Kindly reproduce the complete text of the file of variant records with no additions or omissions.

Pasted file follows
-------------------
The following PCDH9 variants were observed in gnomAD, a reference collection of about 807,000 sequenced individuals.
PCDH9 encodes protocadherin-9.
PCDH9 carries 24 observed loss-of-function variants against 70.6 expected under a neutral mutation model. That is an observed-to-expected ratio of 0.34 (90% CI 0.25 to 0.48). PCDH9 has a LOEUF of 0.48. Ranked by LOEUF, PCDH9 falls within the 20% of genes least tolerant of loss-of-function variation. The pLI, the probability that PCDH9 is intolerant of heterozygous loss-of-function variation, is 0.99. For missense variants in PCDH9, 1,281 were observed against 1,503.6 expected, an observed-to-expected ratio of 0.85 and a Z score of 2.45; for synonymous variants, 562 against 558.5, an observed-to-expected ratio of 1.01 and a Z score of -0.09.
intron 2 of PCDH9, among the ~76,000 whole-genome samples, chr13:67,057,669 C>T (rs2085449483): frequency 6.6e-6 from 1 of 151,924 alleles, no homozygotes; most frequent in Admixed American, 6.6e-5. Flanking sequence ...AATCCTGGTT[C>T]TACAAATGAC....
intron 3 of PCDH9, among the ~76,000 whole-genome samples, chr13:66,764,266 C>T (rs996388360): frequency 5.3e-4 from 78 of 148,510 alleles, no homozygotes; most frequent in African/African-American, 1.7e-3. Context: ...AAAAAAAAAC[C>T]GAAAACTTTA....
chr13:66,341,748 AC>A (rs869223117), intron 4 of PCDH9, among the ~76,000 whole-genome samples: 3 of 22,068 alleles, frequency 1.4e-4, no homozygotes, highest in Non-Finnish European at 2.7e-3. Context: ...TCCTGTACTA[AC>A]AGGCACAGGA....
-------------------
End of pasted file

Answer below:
The following PCDH9 variants were observed in gnomAD, a reference collection of about 807,000 sequenced individuals.
PCDH9 encodes protocadherin-9.
PCDH9 carries 24 observed loss-of-function variants against 70.6 expected under a neutral mutation model. That is an observed-to-expected ratio of 0.34 (90% CI 0.25 to 0.48). PCDH9 has a LOEUF of 0.48. Ranked by LOEUF, PCDH9 falls within the 20% of genes least tolerant of loss-of-function variation. The pLI, the probability that PCDH9 is intolerant of heterozygous loss-of-function variation, is 0.99. For missense variants in PCDH9, 1,281 were observed against 1,503.6 expected, an observed-to-expected ratio of 0.85 and a Z score of 2.45; for synonymous variants, 562 against 558.5, an observed-to-expected ratio of 1.01 and a Z score of -0.09.
intron 2 of PCDH9, among the ~76,000 whole-genome samples, chr13:67,057,669 C>T (rs2085449483): frequency 6.6e-6 from 1 of 151,924 alleles, no homozygotes; most frequent in Admixed American, 6.6e-5. Flanking sequence ...AATCCTGGTT[C>T]TACAAATGAC....
intron 3 of PCDH9, among the ~76,000 whole-genome samples, chr13:66,764,266 C>T (rs996388360): frequency 5.3e-4 from 78 of 148,510 alleles, no homozygotes; most frequent in African/African-American, 1.7e-3. Context: ...AAAAAAAAAC[C>T]GAAAACTTTA....
chr13:66,341,748 AC>A (rs869223117), intron 4 of PCDH9, among the ~76,000 whole-genome samples: 3 of 22,068 alleles, frequency 1.4e-4, no homozygotes, highest in Non-Finnish European at 2.7e-3. Context: ...TCCTGTACTA[AC>A]AGGCACAGGA....